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Diabetes Health Center

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Women’s Top Diabetes Concerns

WebMD Feature

Managing type 2 diabetes means being good to yourself.

Diabetes requires self-care to do it well,” says Robin Goland, MD, diabetes research director at New York-Presbyterian Hospital. “While many women are comfortable at taking care of others, it can be hard for them to take care of themselves.”

Your first line of defense is a healthy diet and exercise plan, so talk to your doctor about creating one that will likely include:

  • Getting at least 30 minutes of physical activity on most days. Anything that gets your heart rate up and causes you to sweat a little is beneficial, even if it’s gardening, walking, or cleaning your house.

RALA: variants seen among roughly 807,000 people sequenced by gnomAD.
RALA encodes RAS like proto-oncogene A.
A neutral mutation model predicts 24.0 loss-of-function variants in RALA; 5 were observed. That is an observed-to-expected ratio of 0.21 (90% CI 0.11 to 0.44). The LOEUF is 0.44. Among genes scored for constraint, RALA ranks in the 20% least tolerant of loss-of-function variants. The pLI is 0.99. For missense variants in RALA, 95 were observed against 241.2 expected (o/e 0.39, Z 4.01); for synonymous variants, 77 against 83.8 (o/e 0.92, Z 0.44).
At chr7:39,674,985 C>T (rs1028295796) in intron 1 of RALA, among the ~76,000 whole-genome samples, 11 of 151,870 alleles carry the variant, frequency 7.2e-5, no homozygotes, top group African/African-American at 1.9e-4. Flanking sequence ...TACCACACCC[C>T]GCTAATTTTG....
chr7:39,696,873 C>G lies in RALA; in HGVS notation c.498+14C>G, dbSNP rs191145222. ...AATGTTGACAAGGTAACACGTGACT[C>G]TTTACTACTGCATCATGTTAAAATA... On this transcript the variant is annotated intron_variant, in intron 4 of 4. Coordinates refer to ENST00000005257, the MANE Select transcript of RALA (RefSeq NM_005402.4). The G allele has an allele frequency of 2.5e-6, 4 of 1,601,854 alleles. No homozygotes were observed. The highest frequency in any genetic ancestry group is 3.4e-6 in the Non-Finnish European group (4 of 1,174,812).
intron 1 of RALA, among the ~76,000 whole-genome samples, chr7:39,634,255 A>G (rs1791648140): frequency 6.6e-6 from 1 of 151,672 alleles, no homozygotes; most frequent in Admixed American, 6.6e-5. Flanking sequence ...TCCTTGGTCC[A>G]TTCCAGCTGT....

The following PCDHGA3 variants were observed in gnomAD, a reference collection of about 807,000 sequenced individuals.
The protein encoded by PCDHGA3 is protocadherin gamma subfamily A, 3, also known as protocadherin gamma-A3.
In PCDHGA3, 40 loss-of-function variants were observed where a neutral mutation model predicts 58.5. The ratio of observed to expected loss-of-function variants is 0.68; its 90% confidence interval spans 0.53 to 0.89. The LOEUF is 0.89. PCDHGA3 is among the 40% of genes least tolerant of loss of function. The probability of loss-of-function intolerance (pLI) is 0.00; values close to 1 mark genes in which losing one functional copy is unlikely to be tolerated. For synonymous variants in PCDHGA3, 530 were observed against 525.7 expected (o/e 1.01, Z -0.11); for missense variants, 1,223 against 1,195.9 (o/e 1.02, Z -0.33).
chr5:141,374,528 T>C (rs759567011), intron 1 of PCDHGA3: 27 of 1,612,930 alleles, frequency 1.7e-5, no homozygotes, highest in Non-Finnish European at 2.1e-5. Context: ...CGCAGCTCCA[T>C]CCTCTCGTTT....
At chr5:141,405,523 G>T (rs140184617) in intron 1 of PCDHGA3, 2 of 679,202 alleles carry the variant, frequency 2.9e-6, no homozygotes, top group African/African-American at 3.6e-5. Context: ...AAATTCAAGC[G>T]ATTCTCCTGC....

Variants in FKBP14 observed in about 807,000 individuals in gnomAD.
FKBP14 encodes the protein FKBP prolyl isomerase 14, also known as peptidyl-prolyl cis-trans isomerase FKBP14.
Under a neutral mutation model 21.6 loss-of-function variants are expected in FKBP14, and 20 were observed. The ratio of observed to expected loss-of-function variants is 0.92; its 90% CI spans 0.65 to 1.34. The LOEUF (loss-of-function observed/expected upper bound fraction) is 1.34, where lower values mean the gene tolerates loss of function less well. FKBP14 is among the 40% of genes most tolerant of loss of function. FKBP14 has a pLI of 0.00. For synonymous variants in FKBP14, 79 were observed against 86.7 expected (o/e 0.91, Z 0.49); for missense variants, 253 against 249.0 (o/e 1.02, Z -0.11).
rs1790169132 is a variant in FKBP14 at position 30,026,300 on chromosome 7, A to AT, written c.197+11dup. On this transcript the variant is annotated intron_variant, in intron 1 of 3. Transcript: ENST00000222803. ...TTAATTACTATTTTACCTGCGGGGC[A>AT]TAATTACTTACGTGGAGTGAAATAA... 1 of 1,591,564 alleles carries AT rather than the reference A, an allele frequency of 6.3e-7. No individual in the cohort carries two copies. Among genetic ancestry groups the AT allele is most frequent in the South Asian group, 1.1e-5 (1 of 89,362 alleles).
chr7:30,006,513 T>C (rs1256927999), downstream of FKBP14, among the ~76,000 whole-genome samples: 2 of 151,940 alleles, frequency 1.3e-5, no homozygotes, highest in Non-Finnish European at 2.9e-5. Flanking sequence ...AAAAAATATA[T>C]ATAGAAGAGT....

• Eating foods that will keep your blood sugar levels in check. That means choosing high-fiber foods, swapping out white starchy foods for whole grains, putting lots of vegetables on your plate, and steering clear of sweetened beverages, including fruit juice.

Ask your doctor who else can help you, like a nutritionist or a diabetes specialist.

Protect Your Heart

Having diabetes makes heart disease more likely. That's all the more reason to follow your doctor's guidelines about diet and exercise.

Also, track your blood pressure, says OB/GYN and diabetes educator Cassandra Henderson, MD, of New York’s Lincoln Hospital and Albert Einstein College of Medicine.

Keeping your cholesterol levels in check will also help protect your heart.

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